You don't need fancy plug-ins to make fancy soundtracks!

Premiere Unplugged

by Jay Rose

This article was written for Adobe's web site in 1996, when Premiere had very few native audio filters. The new version 5 of Premiere claims a full suite of these things, which I'll report on as soon as they give me a review copy. But the techniques in this article are still valuable.
Audio1 through Audio6 are clickable QuickTime audio-only movies with 4:1 IMA compression to save transfer time. They're playable on Mac and Windows machines.

Premiere users are lucky. Its plug-in format has become a standard for professional audio applications (including Macromedia Deck and BIAS Peak), so third-party manufacturers offer sophisticated sound design tools that integrate perfectly with the video editing program. Depending on the size of your budget and hard disk, you can add a full array of audio plug-ins from Waves, BIAS, Opcode, Invision, and other companies ... giving your copy of Premiere the power of a recording studio.

But if you don't want to invest in third-party extensions, you can still get some first-class effects by using the basic audio functions that come with every copy of Premiere. All it takes is a little time, and a willingness to experiment.

On the flange

Mix a clip with a delayed version of itself, and you get an echo. But if the delay is very small, the echo will reinforce or cancel individual frequencies. The delay time determines which frequencies are affected (this is the principal behind many digital equalizers). If you vary the delay while the sound is playing, the reinforcement sweeps up and down the spectrum. The result is the familiar wooshing or swirling flange effect heard in a lot of pop music.

While plug-ins allow more precise control and deeper effects, you can accomplish a basic flanging sound with nothing more than Premieres clip speed control and a couple of audio tracks. Compare example audio1 with its flanged version, audio2. We chose the steady sound of an airplane interior so the effect would be obvious, but sound designers often flange dynamic effects such as car passbys to give them even more motion.

The flanging you hear on audio2 is merely the original clip playing on two simultaneous tracks, with one tracking having its in point moved slightly to delay it, and its speed changed slightly from 100%. These changes have to be smaller than what you might expect -- about half a frame delay, at one-half percent speed -- and that takes a little trickery to accomplish:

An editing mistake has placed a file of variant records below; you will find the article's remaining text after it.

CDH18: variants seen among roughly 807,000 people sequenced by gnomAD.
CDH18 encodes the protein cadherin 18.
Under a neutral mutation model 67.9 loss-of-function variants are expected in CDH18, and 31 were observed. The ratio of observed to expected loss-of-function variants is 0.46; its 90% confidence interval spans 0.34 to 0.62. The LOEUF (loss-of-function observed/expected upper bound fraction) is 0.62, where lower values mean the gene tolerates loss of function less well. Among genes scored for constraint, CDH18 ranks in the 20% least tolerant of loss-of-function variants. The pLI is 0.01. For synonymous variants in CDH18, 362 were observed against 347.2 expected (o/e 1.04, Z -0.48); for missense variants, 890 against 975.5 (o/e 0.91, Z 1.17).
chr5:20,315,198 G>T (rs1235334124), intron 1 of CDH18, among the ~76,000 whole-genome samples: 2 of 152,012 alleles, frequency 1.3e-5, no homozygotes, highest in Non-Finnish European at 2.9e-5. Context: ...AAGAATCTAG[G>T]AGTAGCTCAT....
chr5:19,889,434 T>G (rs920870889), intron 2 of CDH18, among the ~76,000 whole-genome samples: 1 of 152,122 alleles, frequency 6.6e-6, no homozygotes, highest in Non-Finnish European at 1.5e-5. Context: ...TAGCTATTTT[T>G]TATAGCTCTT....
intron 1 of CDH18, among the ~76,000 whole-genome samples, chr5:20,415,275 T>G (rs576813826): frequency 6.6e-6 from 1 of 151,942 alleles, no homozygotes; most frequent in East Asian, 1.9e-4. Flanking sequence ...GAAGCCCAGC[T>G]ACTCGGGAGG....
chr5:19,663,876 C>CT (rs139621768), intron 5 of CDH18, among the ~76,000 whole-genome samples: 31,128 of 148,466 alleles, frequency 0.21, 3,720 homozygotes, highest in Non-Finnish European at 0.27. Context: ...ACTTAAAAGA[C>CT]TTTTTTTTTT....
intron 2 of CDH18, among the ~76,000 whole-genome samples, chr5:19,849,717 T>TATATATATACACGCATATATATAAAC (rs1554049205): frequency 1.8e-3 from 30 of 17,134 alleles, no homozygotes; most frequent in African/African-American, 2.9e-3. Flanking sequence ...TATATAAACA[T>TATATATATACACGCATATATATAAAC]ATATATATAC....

1. The Clip Speed percent control only accepts whole numbers, so a setting of 100.5% is impossible. Instead we slowed the clip to 50%, made a movie of the slowed version, and trashed the original. Then we put the new movie on two simultaneous tracks, used the clip speed setting to change the speed of one track to 200% (canceling the change on that track), and set the other track to 201% -- a net speed change, for that track, of 100.5%.

  2. Then we delayed the faster track slightly. Premiere is calibrated in whole frames, which makes sense for video. So we changed the calibration, opening that sound's Clip Window Options and setting the Rate to 100 fps. This made each click of the frame buttons move the cursor ten milliseconds, so we clicked twice: two-thirds of a normal frame.

  3. The final step was to preview the two clips together to check the sound, and then make a mono movie of it.

That's thick

Slightly larger delays can add interesting echoes. Delaying a copy of the track about a frame, and mixing it in at a lower level, can add strength to some announcer tracks. Adding a speed variation to that turns the dry voice of audio3 into the Doctor Who-ish creature of audio4.

The same voice clip was copied to three audio tracks, but the in-point was trimmed differently on each. Since we wanted more drama than a simple flange, we used larger speed changes: each clip was set 3% slower than the one above it. (A 3% speed change is roughly one-half-step musically, about the largest variation you can do to a voice without making it sound strange.) This change meant that track X1 took significantly longer than track A. To keep things in sync, we used the razor blade tool to split X1 and remove two frames. The entire effect was mixed down to a single movie, which we then imported to two tracks, flanged, and mixed again.